An unhealthy school climate is linked with a poorly organised, malfunctioning school that has a prevalent sense of despondency among students and staff, accompanying high rates of teacher and student absenteeism, and a higher incidence of school mobility (McEvoy and Welker 2001). Such schools are characterised by teachers who are routinely late to class and students being left unsupervised and vulnerable; cramped classrooms and overcrowding; poor physical condition and appearance of school buildings and grounds; high student-teacher ratios; and insufficient teacher training on effective behaviour management (Akin-Little and Little 2003, Kashani et al. 2001, Leone et al. 2003). An unhealthy school climate not only contributes to academic failure, leading to a lack of school attachment, school drop-out and criminal offending, but can also contribute to aggressive students' violent behaviour (Edwards 2001, Loeber and Farrington 2000, Reinke and Herman 2002).

  3. Schools' Contribution to Academic Failure

    A number of longitudinal studies demonstrate that children who are struggling academically are more likely to turn to crime than those who are performing adequately or well (e.g. Dishion et al. 1991, Elliot and Voss 1974, Flannery 2000, Seydlitz and .Jenkins 1998). This is supported by evidence that the intellectual functioning of young offenders is at the low-average to average range and that they have significant deficits in reading, maths, and written and oral language compared to their non-offending peers (Leone et al. 2003). There is New Zealand evidence that contributions to academic failure, other than low intelligence, lack of student interest and behavioural problems, include ineffective and inappropriate teaching methods, and a school personnel's belief that students from lower socio-economic, disadvantaged families and minority groups have only limited potential and do not require consideration or extension (Macfarlane 2004). It has also been argued that examinations, testing and class grouping are biased, with children from lower socio-economic homes being less likely to be placed into classes that will lead them to university, and that some schools have been or are racially segregated, to the detriment of students' educational attainment (Seydlitz and Jenkins 1998).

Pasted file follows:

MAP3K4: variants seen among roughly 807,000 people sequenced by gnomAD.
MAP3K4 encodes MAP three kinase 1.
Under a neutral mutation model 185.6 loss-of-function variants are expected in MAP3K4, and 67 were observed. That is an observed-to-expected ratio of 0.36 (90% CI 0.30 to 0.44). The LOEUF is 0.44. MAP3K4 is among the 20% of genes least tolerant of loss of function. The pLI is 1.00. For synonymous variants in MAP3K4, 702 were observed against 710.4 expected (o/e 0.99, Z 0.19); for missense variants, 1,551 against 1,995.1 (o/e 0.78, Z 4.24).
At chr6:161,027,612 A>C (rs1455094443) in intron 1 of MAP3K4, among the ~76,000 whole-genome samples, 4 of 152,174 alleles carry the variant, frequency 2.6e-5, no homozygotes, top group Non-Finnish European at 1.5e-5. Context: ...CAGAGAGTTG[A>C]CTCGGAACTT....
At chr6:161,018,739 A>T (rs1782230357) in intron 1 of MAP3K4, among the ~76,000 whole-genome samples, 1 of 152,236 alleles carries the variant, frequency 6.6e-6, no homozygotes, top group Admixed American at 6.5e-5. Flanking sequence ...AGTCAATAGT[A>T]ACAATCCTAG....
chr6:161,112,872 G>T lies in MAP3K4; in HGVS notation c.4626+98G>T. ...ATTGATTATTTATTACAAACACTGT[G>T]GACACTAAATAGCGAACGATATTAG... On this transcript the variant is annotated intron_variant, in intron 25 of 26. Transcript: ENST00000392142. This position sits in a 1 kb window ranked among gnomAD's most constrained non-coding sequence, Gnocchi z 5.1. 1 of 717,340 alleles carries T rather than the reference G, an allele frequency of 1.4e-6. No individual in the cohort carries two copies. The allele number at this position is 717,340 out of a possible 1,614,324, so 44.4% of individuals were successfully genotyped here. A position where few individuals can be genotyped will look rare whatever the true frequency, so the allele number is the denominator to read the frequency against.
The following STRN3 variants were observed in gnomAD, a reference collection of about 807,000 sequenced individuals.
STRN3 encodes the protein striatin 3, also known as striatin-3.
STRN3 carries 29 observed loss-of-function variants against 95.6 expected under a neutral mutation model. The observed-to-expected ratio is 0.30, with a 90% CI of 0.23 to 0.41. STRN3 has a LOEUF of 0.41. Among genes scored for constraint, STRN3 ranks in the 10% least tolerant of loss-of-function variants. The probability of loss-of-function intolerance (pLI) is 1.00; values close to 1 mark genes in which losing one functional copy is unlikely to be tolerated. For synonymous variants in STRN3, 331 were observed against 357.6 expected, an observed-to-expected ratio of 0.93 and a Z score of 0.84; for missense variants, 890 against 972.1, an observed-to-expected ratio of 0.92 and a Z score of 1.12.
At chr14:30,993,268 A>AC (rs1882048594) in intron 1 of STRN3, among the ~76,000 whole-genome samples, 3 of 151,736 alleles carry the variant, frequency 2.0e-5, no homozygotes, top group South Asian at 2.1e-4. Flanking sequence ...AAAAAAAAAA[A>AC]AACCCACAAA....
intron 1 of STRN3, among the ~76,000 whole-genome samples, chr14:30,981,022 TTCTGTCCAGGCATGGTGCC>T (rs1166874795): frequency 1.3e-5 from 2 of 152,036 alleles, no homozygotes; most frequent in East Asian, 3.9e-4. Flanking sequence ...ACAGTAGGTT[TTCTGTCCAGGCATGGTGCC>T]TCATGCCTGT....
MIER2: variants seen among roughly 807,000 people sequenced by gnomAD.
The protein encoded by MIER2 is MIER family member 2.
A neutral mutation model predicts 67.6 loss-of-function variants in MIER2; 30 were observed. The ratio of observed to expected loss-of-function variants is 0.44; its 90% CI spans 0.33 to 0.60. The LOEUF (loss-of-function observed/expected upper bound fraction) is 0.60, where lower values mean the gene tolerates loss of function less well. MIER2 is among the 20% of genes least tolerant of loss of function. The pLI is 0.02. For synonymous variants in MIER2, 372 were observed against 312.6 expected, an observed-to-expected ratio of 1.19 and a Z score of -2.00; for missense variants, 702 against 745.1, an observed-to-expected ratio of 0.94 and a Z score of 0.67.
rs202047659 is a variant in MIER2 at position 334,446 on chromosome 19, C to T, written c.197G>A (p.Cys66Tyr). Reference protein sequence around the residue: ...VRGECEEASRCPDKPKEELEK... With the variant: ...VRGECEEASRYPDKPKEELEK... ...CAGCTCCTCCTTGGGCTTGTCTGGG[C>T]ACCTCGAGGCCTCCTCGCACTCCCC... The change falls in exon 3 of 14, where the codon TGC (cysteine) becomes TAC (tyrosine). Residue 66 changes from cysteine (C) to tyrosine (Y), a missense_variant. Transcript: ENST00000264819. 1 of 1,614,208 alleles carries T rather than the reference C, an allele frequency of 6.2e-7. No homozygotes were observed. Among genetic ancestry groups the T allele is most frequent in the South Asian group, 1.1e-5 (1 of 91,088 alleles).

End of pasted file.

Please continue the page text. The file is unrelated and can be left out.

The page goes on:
4. Anti-social Peer Relationships Formed at School